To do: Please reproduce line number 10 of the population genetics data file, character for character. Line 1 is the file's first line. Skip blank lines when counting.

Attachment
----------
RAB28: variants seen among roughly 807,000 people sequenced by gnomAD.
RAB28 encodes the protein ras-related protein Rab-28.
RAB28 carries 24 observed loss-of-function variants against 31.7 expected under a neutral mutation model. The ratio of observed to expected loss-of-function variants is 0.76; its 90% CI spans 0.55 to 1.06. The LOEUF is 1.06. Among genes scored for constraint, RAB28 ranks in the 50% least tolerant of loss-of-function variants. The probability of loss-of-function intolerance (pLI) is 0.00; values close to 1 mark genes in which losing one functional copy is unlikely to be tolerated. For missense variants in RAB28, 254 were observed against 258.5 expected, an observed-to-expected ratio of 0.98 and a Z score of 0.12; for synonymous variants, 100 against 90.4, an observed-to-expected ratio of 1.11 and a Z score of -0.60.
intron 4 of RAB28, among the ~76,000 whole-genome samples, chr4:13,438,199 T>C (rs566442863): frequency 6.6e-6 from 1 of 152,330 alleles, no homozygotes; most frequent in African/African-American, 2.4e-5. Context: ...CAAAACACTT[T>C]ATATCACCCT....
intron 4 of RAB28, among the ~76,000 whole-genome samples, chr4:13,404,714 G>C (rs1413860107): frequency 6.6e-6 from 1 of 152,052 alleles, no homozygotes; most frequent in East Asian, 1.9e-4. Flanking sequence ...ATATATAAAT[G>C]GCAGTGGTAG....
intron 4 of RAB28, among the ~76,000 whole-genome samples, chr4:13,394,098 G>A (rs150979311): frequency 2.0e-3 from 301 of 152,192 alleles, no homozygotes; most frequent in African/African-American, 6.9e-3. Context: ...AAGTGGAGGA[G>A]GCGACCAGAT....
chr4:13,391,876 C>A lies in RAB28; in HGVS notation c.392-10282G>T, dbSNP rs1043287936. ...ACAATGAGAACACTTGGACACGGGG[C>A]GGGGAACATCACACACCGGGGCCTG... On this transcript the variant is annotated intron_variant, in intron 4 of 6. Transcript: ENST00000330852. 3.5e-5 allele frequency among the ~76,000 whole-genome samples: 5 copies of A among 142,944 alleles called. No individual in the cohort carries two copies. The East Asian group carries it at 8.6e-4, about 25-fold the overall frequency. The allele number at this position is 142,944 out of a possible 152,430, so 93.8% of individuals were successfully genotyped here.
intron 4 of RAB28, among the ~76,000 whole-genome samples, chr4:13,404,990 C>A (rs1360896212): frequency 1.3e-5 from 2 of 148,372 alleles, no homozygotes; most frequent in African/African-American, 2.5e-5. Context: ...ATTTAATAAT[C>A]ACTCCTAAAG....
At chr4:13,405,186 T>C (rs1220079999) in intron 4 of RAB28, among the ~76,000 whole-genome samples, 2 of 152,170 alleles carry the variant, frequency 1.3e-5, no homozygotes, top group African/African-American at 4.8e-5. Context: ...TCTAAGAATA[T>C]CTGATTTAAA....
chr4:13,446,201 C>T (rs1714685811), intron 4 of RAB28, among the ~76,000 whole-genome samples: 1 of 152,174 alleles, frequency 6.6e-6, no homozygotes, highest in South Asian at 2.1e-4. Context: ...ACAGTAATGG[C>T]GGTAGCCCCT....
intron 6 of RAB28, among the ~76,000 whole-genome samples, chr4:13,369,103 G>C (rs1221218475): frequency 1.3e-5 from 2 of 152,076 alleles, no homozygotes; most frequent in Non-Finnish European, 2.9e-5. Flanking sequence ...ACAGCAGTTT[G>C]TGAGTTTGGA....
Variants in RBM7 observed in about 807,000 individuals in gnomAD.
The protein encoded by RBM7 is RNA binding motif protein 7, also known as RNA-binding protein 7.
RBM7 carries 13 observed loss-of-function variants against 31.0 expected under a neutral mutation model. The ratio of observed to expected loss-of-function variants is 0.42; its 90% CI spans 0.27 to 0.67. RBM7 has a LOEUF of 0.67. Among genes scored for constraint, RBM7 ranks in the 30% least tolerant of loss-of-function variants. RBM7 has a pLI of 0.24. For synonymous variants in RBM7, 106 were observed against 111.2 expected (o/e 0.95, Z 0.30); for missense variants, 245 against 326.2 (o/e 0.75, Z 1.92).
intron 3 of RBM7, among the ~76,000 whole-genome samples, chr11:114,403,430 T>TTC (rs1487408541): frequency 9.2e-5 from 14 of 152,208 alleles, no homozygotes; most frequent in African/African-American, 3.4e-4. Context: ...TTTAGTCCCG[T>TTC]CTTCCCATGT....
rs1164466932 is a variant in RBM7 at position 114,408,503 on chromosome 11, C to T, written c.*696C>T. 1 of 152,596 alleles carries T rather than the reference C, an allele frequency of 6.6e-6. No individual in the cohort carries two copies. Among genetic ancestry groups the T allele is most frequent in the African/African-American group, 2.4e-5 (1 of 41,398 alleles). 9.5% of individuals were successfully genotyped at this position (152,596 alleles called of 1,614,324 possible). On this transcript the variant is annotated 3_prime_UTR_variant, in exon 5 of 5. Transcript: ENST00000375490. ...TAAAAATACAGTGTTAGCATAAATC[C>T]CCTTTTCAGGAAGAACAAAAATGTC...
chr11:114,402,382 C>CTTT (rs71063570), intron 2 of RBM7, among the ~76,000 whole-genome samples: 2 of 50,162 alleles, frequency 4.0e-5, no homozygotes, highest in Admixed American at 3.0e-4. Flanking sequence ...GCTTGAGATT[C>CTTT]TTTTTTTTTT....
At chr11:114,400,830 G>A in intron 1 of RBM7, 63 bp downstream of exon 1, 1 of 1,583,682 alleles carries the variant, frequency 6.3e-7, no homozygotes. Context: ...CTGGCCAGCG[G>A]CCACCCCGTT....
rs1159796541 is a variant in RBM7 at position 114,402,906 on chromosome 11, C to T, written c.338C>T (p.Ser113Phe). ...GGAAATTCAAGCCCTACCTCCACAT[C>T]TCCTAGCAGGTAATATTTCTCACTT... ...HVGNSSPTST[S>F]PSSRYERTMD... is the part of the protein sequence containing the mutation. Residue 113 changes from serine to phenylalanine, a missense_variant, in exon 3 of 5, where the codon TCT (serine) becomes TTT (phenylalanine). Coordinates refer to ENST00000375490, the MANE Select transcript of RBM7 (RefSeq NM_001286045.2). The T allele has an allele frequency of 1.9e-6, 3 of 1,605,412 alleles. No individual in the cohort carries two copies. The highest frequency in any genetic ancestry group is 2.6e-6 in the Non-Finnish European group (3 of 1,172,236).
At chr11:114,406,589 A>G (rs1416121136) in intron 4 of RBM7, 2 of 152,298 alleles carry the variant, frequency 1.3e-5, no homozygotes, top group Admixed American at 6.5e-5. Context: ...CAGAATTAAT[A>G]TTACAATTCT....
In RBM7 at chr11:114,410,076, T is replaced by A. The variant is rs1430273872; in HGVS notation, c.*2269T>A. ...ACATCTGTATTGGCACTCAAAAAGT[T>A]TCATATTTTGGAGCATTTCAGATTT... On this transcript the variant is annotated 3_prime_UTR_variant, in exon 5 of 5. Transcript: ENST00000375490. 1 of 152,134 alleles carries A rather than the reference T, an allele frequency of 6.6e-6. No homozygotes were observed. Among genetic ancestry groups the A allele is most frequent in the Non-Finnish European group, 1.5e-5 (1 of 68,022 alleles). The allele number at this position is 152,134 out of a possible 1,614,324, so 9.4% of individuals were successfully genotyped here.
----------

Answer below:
chr4:13,446,201 C>T (rs1714685811), intron 4 of RAB28, among the ~76,000 whole-genome samples: 1 of 152,174 alleles, frequency 6.6e-6, no homozygotes, highest in South Asian at 2.1e-4. Context: ...ACAGTAATGG[C>T]GGTAGCCCCT....